Although slowed mental and behavioral functions impact a child’s ability to learn and perform well in school, another strong correlation between little sleep and poor grades is absenteeism.
Science Daily analyzed a study by North Carolina State University on the subject of school start times and their connection to students’ grades—and their likelihood of being late or absent from class.
The study looked at 19 different schools, 5 of which began classes at 8:05—the remaining 14 schools began at 7:25. In the end, Science Daily highlights, “the five schools that started at 8:05 had significantly lower rates of absenteeism and tardiness than the 14 schools that started at 7:25.”
Seattle Public Schools offers us another example. Administrators pushed class start time from 7:50 to 8:45. With this arrangement, students started getting an extra half hour of sleep each night, and their grades went up by 4.5%, relates Education Next.
Later school start times seem to promote better sleep habits for teenage students as their circadian rhythm shifts into adulthood—and therefore fuel overall health and success in their academic lives.
Fighting the anti-sleep monster
School start times aren’t the only factor in a child’s quantity and quality of sleep. If you’re a parent, you might be wondering what you can do to help your child get better sleep.
Of course, health problems and sleep disorders contribute to insufficient rest in children, and these require professional medical attention. But the majority of students aren’t battling a clinical condition—they’re battling the common problem of overstimulation.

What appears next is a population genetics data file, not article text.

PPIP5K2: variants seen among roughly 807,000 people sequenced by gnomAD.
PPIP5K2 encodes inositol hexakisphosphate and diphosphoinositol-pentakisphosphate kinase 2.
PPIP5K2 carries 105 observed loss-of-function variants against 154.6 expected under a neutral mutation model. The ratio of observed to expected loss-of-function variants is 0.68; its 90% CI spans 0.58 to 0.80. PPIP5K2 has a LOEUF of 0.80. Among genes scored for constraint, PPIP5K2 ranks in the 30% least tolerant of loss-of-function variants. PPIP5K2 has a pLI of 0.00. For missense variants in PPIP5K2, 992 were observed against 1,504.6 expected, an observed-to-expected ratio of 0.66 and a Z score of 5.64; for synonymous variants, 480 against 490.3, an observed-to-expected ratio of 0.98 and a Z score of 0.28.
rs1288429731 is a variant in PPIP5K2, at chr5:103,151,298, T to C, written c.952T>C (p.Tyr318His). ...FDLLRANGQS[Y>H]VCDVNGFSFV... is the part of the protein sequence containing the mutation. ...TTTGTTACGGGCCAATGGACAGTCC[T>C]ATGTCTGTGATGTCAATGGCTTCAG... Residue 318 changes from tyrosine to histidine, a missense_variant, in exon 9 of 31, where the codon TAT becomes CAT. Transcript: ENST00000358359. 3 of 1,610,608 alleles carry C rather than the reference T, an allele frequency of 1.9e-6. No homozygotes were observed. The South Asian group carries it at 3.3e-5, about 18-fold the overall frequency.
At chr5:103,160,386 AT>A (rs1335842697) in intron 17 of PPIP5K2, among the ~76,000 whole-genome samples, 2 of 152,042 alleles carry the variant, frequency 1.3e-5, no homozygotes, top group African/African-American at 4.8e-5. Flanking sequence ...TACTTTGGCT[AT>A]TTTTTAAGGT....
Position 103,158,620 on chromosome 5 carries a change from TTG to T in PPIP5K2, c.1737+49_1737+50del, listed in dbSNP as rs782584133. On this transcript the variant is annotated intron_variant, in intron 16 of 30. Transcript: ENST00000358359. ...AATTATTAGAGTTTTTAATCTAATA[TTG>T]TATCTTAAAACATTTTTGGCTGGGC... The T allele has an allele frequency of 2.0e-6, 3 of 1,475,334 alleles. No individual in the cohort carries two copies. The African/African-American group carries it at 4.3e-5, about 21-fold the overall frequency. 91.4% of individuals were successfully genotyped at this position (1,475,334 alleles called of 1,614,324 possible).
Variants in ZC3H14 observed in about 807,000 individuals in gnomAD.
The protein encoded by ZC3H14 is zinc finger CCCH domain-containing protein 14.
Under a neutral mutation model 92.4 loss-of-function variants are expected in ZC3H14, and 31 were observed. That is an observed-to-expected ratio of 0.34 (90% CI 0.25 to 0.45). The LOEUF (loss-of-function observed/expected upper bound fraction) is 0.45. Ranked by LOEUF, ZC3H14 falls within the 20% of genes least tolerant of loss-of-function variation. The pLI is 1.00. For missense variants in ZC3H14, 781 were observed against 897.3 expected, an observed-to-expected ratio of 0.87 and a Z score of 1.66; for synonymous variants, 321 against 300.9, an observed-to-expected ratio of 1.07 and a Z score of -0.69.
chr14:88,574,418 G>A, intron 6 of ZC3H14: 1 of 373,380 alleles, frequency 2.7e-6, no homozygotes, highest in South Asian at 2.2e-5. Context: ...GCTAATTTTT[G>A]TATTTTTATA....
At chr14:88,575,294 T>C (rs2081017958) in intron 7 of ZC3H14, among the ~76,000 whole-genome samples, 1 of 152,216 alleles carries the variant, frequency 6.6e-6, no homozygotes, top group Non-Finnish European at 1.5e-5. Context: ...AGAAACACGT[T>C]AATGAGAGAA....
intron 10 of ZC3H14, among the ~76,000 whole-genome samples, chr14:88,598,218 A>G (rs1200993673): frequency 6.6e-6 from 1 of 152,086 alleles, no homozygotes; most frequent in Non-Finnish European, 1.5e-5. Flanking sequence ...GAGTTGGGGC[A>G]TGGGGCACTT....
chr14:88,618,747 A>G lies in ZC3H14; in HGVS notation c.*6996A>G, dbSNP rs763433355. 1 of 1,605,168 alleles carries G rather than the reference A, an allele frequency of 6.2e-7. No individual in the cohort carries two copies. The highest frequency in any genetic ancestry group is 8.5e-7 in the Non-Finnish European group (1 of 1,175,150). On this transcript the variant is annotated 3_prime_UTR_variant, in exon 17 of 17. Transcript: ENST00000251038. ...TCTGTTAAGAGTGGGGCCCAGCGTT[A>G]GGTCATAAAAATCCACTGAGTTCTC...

Most of this barrage comes through screens.
Brad Huddleston, an internationally recognized speaker and author on the intertwined subjects of technology and culture, spoke with NWEF on the subject of technology addiction in children and adults—and its impact on sleep.
According to Huddleston, throughout the day, many things stimulate our brains. This daily load of experiences causes a buildup of chemicals and toxins in the brain that are released during sleep. After this release, our brains can enter a cycle of deep, REM sleep. This combination of processes causes us to be fresh and ready for optimal cognitive function the next day.
But here’s the scary thing.
The screens we use for work, school, and entertainment all have a surprisingly overstimulating impact on the brain, contributing to that buildup of toxins and chemicals, making it harder for us to enter deep sleep. This is especially true for children.
Huddleston tells us that in each stage of life, it takes a certain amount of time to enter deep sleep. If adults and children consume information from screens before bed, it’s much harder for them to enter deep sleep. “Be finished with all screen time 3 hours before bed for children and an hour for adults,” he advises.
Otherwise, deep sleep will be “pushed back”, and there’s a good chance you won’t wake up feeling refreshed.
Get Better Sleep!
If you want to create healthier sleeping habits for you and your family, make sure you’re doing these things:
- Have proper respect for the necessity of sleep
- If you have kids, make sure you show them the importance of sleep by modeling good sleep hygiene
- Create bedtime routines: go to bed and get up at the same time each day; practice reading a story or journaling in the evening to signal that it’s almost time to go to sleep
- Avoid screens and other blue light sources for several hours before bed
- Make sure your bedroom is comfortable and dark (cooler environments lead to better sleep)
- Don’t forget that other areas of your health factor into your quality of sleep, such as diet and exercise.
Even if you’ve gotten used to surviving on less sleep, the cost to your kids is too great. Start today and look forward to the benefits of a more well-rested family! None of you will regret it.
Check out Brad Huddleston’s full interview with NWEF here to learn more about how technology is impacting you and your children’s minds.
Want more resources on parenting and education? Visit nwef.org today!